Managing Millennials For Dummies
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Don’t think that because Millennials prefer informal dress, the best course of action is to throw out all your company standards and give them free reign to show up in their ripped denim and graphic tees. Instead, consider how you can move the needle and adapt what you already do in a way that doesn’t sacrifice your company’s culture.

Don’t be afraid to challenge the status quo of your dress policy in as objective and unbiased a way as possible. Gather a team of leaders to assess the options. But watch for the following two characters who will inevitably show up. If you can identify them beforehand, it’s probably even best to try and avoid sending invites for this conversation, because they’re not going to be valuable additions to the group:

  • The hater: He’s not even listening to the conversation. He’s annoyed that you’re even considering “kowtowing” to these Millennial upstarts, and his goal at the meeting is to remain rigid and unbending, no matter how sound the logic may be. He’s obviously not going to be super helpful.
  • The groupie: She loves Millennials and thinks they’re the best thing to happen to your organization since email. Just like the naysayer, she’ll be blindly willing to change whatever it takes to accommodate the next generation hires. Her perspective, far from unbiased, will only serve to further annoy those who may be more skeptical.
With your team of open-minded leaders assembled, ask yourselves these questions: Is a dress code absolutely necessary to get the job done? When was the last time it changed? Have you invited your employees’ opinions about it? How much time and money would it take to change the dress code? Are there certain times when formality might be more appropriate than others?

Even if you have zero pull in your organization as far as being able to change policy around dress, don’t fret. There are some things you can do to manage your own assumptions around dress code and also bend the rules to make the workplace slightly more accommodating for your Millennial direct-reports:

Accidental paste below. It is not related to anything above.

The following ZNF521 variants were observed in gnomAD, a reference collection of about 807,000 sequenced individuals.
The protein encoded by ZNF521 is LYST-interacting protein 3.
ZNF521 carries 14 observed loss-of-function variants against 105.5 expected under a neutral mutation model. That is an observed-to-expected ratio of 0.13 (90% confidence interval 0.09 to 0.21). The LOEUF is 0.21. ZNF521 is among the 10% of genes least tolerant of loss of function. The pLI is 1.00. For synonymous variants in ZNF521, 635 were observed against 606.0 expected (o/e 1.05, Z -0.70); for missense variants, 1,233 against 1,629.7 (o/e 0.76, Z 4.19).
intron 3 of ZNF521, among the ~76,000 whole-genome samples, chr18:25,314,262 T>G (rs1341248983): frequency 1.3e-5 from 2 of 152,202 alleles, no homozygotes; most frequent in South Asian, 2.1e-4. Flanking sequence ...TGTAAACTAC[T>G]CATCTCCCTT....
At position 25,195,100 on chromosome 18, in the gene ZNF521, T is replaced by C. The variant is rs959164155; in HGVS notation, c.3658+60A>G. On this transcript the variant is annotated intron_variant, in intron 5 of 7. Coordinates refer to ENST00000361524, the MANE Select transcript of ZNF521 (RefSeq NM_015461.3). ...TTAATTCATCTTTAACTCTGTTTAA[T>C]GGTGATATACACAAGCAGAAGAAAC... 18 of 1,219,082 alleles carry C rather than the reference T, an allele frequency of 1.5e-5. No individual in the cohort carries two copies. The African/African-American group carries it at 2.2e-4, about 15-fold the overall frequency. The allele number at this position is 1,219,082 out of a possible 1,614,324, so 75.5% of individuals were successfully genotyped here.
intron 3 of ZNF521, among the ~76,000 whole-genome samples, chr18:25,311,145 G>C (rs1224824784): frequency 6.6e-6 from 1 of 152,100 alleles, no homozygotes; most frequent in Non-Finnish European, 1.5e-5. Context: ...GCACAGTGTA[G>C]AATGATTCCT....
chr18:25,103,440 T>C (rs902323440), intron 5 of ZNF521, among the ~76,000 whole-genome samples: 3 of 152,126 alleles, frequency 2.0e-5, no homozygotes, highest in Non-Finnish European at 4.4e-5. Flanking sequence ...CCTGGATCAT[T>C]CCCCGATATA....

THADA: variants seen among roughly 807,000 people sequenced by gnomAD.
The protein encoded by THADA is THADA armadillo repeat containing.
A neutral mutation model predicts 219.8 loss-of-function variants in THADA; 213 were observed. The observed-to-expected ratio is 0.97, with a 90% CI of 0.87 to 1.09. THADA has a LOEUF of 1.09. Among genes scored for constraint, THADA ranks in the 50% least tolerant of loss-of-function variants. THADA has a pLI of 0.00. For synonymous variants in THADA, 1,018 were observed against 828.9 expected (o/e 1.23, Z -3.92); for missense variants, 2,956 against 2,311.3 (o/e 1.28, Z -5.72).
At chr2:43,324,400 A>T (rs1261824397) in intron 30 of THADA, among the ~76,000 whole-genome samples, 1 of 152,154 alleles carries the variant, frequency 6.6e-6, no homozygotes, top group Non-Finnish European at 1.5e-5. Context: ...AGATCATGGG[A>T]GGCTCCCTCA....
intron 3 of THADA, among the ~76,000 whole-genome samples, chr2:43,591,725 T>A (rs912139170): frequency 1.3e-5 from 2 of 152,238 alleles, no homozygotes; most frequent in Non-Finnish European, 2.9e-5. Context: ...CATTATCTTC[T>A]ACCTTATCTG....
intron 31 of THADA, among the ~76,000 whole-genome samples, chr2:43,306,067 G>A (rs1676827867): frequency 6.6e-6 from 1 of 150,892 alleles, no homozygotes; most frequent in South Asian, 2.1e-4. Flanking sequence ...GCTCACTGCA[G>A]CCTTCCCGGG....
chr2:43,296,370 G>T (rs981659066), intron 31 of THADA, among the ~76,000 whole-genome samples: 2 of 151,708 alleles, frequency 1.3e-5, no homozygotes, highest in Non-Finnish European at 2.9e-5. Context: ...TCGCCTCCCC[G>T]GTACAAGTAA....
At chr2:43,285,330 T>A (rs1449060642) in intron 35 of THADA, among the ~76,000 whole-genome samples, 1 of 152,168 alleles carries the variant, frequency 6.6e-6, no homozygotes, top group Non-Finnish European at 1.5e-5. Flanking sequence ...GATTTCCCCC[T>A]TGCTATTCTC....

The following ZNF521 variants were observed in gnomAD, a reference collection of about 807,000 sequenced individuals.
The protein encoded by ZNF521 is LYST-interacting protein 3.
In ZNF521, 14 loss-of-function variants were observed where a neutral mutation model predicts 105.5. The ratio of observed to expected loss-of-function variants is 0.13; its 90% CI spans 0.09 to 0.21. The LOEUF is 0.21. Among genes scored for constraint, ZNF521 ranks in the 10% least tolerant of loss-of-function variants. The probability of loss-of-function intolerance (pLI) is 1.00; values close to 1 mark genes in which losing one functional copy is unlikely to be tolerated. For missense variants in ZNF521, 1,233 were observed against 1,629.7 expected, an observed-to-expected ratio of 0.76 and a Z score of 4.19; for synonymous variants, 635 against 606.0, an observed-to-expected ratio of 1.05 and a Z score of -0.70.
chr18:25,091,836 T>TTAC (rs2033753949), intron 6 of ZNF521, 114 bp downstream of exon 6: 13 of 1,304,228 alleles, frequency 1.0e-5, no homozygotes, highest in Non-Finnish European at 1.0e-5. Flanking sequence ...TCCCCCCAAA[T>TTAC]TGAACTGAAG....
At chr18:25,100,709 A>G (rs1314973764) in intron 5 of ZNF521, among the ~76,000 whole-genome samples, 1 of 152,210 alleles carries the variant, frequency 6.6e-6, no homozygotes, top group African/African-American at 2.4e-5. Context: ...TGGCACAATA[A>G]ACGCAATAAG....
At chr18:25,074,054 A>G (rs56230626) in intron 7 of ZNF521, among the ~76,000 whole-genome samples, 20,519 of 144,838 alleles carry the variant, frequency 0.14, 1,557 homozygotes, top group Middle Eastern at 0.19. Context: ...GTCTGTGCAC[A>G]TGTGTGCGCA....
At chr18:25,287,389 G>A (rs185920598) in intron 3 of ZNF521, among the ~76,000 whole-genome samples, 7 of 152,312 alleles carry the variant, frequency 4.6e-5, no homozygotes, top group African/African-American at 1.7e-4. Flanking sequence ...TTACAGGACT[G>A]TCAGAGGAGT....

• Don’t make assumptions in interviews. Just because some Millennials may seem underdressed, that doesn’t necessarily mean they’re not serious about the job. Don’t let the few wrinkles in the pants, missing jacket, and tattoo sleeve distract you from the potentially brilliant mind that lies beneath. Listen, bias-free, to what she’s saying. It’s a far better indicator of future performance than what she’s wearing. Of course, if you work at a firm with a very rigid dress code and casual wear is not welcome, consider telling candidates this before the interview so they can show up dressed appropriately.
  • Set expectations early. The worst mistake you can make is getting frustrated by an unprofessionally dressed Millennial when you didn’t articulate your preference in the first place. Believe it or not, growing up idolizing start-up culture does not an easy task of “acting professionally” make. Communicate expectations around dress clearly upfront. Because you know what they say about making assumptions.
  • Allow for flexibility where possible. If you express how you expect your staff to dress, good for you for your clarity! If you can, try to embrace a “dress for your day” culture where your employees dress for the day that lies ahead. Are there meetings with the higher-ups on the calendar? Is it an all-email kind of day? Ask Millennials to dress up or down depending on the situation; that way they can add some dress-down days where it makes sense, without sacrificing all decorum.
  • Separate client code from office code. If you happen to manage Millennials in a client-centric organization, then opt for a “dress for your client” code. Articulate the differences between what’s okay with the client versus what’s okay in the office. You should consider that more and more of your clients are Millennials themselves and may even appreciate a dressed-down version of the client meeting.
Most companies that get voted as “top places to work” buck corporate trends. Typically, the ones on these lists have accomplished the difficult task of dismissing outdated professional norms without ruffling the feathers of older employees. They also understand that “looking the part” is critical to the organization’s brand and legacy. Before you put up the wall that resists change, step into a land of pure imagination and think of ways you can bring the look your company requires into the modern era. For example, if you ask employees to wear ties, might a skinny tie suffice? Or one with a fun print? If nice shoes are on the “must-wear” list, maybe retro sneakers can fit the bill … at least sometimes… .

Avoid gender-specific guidelines because they’re simply no longer relevant and will serve as a giant red flag to candidates. The next generation expects and demands equality in all matters of diversity, and enforcing gender-specific dress codes will deter them from your company. Opt for gender-neutral guidelines. You should also be cognizant of and sensitive to other matters of diversity like culture and religion (not to mention, it’s the law!).

About This Article

This article is from the book:

About the book authors:

Hannah L. Ubl is the Research Director at BridgeWorks and transforms data into stories for the masses. Lisa X. Walden is the Communications Director at BridgeWorks where she delivers compelling, breakthrough generational content. Debra Arbit is CEO of BridgeWorks: a generational consulting company (

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